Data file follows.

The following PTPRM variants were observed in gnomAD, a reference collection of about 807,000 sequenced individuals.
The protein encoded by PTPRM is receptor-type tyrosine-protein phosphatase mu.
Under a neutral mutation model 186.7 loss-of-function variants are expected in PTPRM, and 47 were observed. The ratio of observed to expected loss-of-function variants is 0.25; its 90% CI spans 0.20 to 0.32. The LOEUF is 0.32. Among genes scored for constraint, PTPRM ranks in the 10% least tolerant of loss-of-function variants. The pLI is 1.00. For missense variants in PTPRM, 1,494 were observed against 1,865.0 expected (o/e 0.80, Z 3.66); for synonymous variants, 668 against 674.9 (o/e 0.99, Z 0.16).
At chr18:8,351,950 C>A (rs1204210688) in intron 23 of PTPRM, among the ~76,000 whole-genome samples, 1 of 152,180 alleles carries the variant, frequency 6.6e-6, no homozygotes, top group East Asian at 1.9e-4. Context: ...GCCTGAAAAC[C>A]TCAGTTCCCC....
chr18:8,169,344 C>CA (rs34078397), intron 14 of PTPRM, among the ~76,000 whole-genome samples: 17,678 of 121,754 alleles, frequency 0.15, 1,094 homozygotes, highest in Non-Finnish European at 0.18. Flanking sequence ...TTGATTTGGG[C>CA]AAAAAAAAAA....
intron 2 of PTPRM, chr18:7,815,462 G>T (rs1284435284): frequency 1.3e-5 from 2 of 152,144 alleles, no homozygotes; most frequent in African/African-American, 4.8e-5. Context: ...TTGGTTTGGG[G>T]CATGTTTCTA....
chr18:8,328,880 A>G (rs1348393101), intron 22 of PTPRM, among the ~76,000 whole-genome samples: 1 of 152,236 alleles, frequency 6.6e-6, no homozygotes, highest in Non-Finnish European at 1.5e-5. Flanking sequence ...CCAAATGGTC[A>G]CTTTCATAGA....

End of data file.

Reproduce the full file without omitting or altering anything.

The following PTPRM variants were observed in gnomAD, a reference collection of about 807,000 sequenced individuals.
The protein encoded by PTPRM is receptor-type tyrosine-protein phosphatase mu.
Under a neutral mutation model 186.7 loss-of-function variants are expected in PTPRM, and 47 were observed. The ratio of observed to expected loss-of-function variants is 0.25; its 90% CI spans 0.20 to 0.32. The LOEUF is 0.32. Among genes scored for constraint, PTPRM ranks in the 10% least tolerant of loss-of-function variants. The pLI is 1.00. For missense variants in PTPRM, 1,494 were observed against 1,865.0 expected (o/e 0.80, Z 3.66); for synonymous variants, 668 against 674.9 (o/e 0.99, Z 0.16).
At chr18:8,351,950 C>A (rs1204210688) in intron 23 of PTPRM, among the ~76,000 whole-genome samples, 1 of 152,180 alleles carries the variant, frequency 6.6e-6, no homozygotes, top group East Asian at 1.9e-4. Context: ...GCCTGAAAAC[C>A]TCAGTTCCCC....
chr18:8,169,344 C>CA (rs34078397), intron 14 of PTPRM, among the ~76,000 whole-genome samples: 17,678 of 121,754 alleles, frequency 0.15, 1,094 homozygotes, highest in Non-Finnish European at 0.18. Flanking sequence ...TTGATTTGGG[C>CA]AAAAAAAAAA....
intron 2 of PTPRM, chr18:7,815,462 G>T (rs1284435284): frequency 1.3e-5 from 2 of 152,144 alleles, no homozygotes; most frequent in African/African-American, 4.8e-5. Context: ...TTGGTTTGGG[G>T]CATGTTTCTA....
chr18:8,328,880 A>G (rs1348393101), intron 22 of PTPRM, among the ~76,000 whole-genome samples: 1 of 152,236 alleles, frequency 6.6e-6, no homozygotes, highest in Non-Finnish European at 1.5e-5. Flanking sequence ...CCAAATGGTC[A>G]CTTTCATAGA....